As mentioned before, symptoms remain undiscovered at birth and may take as long as ages 2 to 4 to be discovered. For making an early diagnosis, however, it is pertinent to observe certain key symptoms that generally include the enlargement of the head also known as macrocephaly, the unusual thickening that may show up at the lips, a deep voice, other skeletal abnormalities and delayed developments in the most basic skills of walking and talking. In addition to these, other symptoms may include flared nostrils and the broadening of the nose, diarrhea, stiffness in the joints and aggressive behavior in the affected individual as a result of these underlying symptoms felt by the individual.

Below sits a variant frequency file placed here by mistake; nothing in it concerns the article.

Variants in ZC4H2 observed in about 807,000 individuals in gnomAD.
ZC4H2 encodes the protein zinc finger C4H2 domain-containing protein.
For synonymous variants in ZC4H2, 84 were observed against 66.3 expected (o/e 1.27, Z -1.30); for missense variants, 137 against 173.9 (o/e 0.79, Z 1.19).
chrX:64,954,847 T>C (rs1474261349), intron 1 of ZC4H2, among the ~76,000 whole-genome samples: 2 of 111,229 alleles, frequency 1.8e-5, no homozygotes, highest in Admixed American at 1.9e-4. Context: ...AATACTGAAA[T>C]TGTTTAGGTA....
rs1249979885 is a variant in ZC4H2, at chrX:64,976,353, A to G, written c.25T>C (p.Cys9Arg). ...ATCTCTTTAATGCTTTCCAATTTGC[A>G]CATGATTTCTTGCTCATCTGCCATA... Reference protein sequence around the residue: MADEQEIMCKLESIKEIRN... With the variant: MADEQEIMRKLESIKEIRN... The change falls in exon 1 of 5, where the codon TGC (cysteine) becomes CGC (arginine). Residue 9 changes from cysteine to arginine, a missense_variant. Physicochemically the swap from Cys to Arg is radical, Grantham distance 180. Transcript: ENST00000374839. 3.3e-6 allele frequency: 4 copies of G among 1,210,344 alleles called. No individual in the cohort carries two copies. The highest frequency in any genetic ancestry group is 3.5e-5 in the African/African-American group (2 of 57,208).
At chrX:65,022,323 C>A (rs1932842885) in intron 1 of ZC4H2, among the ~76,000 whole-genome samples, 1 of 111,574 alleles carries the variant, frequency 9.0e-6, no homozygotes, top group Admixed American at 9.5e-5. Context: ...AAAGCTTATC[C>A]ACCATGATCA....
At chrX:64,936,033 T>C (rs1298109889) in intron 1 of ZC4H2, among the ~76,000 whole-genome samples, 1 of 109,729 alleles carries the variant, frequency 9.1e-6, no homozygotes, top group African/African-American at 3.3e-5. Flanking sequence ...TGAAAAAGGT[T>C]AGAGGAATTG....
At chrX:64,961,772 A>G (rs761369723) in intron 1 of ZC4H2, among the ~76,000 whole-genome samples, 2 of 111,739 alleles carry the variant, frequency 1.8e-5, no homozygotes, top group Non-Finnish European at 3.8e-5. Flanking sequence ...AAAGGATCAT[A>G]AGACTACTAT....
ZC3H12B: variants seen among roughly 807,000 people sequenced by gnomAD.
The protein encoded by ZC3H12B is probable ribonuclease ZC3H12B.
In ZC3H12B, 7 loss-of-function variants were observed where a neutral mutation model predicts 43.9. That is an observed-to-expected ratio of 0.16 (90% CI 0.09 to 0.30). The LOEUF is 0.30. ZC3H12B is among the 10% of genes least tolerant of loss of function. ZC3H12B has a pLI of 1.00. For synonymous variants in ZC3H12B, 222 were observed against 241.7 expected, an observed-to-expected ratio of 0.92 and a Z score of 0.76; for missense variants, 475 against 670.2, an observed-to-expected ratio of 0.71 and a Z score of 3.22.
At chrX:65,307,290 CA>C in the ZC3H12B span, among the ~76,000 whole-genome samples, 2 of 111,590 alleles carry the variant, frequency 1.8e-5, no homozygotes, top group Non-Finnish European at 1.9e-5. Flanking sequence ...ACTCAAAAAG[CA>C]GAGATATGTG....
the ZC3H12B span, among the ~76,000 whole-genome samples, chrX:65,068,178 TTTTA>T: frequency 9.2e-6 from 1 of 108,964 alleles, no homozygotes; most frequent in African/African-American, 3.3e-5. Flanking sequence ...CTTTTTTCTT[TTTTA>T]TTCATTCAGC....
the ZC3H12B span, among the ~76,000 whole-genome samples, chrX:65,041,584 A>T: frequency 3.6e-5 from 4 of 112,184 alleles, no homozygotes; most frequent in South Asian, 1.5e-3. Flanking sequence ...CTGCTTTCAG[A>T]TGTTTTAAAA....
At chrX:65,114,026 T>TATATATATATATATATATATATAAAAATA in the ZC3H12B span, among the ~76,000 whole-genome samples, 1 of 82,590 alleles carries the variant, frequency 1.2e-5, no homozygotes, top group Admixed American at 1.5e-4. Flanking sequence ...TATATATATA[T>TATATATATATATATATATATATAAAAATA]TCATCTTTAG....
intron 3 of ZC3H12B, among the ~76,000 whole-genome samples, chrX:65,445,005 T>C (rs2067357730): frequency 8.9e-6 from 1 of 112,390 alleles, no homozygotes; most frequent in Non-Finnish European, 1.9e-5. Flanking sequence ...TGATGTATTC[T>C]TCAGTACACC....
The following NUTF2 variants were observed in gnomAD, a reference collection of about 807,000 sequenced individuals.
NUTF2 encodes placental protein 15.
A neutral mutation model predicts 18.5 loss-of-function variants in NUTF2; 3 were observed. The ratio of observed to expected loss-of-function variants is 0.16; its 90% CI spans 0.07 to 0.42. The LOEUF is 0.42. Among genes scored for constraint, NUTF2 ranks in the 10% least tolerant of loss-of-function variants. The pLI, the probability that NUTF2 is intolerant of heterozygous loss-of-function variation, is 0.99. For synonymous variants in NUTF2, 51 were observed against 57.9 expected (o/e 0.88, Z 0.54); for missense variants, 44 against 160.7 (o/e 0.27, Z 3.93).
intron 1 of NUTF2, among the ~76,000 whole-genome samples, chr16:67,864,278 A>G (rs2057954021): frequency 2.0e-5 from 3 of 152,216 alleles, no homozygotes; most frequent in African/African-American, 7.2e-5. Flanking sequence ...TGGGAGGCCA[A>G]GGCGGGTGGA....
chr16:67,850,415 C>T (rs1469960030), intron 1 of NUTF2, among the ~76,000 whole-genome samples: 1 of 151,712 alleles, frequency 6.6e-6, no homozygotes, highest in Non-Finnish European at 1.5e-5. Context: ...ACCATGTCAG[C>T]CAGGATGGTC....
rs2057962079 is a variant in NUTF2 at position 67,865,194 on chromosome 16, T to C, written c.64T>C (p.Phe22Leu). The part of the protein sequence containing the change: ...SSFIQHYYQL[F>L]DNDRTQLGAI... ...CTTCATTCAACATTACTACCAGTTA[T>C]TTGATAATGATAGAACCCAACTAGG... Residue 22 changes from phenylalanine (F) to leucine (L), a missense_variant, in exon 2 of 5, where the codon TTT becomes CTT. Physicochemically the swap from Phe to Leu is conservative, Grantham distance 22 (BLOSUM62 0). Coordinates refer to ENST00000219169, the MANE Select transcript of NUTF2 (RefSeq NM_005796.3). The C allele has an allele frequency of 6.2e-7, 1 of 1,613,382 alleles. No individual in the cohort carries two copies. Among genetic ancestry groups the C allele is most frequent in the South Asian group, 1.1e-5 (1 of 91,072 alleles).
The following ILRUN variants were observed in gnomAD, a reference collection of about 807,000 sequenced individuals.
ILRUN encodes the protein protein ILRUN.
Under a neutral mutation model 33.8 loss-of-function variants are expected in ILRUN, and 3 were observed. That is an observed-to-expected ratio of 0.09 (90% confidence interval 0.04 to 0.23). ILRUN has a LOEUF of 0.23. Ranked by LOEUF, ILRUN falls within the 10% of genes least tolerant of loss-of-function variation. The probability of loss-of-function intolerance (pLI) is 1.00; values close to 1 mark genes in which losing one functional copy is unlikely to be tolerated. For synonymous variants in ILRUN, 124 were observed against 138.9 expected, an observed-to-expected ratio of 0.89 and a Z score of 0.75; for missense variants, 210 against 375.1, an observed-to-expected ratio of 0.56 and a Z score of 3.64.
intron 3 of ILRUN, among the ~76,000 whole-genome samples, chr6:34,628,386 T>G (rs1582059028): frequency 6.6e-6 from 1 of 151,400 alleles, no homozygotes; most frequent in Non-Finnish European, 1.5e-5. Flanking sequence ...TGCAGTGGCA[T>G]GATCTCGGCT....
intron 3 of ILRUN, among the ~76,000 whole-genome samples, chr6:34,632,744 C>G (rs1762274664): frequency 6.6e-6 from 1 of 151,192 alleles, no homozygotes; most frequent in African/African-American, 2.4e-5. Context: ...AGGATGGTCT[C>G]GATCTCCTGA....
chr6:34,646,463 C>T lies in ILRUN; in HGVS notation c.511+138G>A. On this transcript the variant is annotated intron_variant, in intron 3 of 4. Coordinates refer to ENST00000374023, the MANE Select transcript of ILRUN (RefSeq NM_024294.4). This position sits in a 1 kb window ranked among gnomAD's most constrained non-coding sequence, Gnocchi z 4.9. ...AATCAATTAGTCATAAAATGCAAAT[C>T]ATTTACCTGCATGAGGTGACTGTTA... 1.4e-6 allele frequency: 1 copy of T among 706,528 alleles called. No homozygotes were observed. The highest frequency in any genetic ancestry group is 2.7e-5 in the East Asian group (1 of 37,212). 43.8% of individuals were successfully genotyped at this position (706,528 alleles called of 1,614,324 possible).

Although visible symptoms are hard to miss and help in the initial diagnosis, however, doctors may opt for additional testing in a medical laboratory to further second their opinions. For this purpose, doctors measure the enzyme activity of the iduronate-2-sulfatase (I2S) as the basic premise behind this testing is to confirm whether this enzyme is present in the first place or not. The method used to detect this is via a urine test for GAGs.

If you notice your child’s facial features or appearance starting to change, book an immediate appointment with a specialist to pursue further testing.

Treatment

As symptoms start to appear right after infancy, it is highly important to treat this in early childhood in order to prevent any complications.